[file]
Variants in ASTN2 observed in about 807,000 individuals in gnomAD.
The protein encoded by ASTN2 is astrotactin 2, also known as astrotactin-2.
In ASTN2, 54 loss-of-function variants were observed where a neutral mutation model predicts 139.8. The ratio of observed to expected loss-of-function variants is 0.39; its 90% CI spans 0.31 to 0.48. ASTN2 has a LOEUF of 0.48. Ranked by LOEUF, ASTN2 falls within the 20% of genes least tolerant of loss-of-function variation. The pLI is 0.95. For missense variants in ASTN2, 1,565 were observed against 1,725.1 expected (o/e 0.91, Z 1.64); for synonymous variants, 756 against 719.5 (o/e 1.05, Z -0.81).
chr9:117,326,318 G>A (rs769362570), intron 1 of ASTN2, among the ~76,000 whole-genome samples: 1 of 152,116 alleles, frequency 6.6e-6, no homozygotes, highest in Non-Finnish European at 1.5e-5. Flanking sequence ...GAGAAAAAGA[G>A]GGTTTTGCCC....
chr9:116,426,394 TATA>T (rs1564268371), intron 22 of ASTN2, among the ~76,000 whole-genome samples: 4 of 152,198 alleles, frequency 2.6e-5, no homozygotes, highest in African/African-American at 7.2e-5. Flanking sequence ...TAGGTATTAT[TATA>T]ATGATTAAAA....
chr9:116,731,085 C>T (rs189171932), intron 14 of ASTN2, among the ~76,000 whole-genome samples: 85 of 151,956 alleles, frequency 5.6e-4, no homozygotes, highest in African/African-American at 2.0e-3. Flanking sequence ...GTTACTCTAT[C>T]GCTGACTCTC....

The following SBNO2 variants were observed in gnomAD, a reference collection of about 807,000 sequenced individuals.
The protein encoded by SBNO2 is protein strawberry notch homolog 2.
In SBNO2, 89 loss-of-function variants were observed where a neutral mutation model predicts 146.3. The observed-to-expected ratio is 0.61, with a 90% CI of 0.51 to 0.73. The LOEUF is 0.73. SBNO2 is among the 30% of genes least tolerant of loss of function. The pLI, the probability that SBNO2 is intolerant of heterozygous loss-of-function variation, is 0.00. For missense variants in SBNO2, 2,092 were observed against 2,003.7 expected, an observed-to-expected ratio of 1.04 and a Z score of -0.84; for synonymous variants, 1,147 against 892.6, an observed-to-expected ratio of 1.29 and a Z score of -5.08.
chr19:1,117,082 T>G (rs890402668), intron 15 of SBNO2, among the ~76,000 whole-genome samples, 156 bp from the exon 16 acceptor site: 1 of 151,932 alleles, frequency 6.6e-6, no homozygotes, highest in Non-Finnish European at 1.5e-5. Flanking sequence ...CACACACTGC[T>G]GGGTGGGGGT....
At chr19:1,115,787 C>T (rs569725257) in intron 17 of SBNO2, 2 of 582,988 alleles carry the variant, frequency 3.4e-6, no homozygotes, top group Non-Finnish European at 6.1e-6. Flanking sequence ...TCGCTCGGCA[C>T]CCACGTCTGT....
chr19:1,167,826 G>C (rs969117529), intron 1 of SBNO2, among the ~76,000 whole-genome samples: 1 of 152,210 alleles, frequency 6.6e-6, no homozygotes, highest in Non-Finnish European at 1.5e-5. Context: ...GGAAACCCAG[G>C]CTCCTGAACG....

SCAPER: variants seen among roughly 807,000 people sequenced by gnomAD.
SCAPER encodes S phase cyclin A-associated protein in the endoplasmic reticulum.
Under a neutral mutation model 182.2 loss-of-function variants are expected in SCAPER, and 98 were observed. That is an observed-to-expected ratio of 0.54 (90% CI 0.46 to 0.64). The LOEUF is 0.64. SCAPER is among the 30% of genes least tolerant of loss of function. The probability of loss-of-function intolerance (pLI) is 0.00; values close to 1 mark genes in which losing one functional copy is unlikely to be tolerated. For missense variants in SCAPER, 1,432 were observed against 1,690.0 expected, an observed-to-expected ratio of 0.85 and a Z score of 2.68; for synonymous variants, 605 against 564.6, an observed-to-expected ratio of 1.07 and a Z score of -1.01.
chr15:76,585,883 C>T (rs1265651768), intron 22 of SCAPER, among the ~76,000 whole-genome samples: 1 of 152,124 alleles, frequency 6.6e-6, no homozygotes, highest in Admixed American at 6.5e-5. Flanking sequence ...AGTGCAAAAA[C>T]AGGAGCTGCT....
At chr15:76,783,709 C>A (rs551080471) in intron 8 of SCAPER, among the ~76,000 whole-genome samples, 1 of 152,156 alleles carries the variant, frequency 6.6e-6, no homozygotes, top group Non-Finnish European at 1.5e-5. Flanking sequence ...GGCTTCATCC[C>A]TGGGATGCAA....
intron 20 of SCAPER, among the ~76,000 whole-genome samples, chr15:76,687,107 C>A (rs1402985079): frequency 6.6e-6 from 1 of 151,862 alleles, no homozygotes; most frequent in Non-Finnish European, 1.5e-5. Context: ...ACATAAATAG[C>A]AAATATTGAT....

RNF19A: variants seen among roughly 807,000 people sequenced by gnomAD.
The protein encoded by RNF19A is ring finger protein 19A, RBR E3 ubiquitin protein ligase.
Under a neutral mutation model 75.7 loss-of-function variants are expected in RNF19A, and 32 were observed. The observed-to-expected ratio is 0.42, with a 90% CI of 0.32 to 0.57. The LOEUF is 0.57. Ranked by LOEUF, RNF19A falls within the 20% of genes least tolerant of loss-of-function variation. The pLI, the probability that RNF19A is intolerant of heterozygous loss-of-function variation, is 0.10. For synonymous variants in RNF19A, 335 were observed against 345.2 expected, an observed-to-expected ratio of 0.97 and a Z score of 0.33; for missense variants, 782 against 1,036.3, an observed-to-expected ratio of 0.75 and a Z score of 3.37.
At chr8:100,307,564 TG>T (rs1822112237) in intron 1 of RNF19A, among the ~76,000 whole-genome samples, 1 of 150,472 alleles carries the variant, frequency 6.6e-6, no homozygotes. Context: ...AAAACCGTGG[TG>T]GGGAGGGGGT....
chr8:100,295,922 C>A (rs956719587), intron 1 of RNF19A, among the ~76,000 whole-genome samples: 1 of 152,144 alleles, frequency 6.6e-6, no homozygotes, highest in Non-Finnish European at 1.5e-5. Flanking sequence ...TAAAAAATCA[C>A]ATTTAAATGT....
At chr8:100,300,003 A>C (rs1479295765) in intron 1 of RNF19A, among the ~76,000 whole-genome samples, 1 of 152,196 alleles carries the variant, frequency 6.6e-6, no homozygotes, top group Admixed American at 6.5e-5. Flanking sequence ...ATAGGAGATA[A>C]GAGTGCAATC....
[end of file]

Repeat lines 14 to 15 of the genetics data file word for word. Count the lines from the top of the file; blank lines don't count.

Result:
SCAPER encodes S phase cyclin A-associated protein in the endoplasmic reticulum.
Under a neutral mutation model 182.2 loss-of-function variants are expected in SCAPER, and 98 were observed. That is an observed-to-expected ratio of 0.54 (90% CI 0.46 to 0.64). The LOEUF is 0.64. SCAPER is among the 30% of genes least tolerant of loss of function. The probability of loss-of-function intolerance (pLI) is 0.00; values close to 1 mark genes in which losing one functional copy is unlikely to be tolerated. For missense variants in SCAPER, 1,432 were observed against 1,690.0 expected, an observed-to-expected ratio of 0.85 and a Z score of 2.68; for synonymous variants, 605 against 564.6, an observed-to-expected ratio of 1.07 and a Z score of -1.01.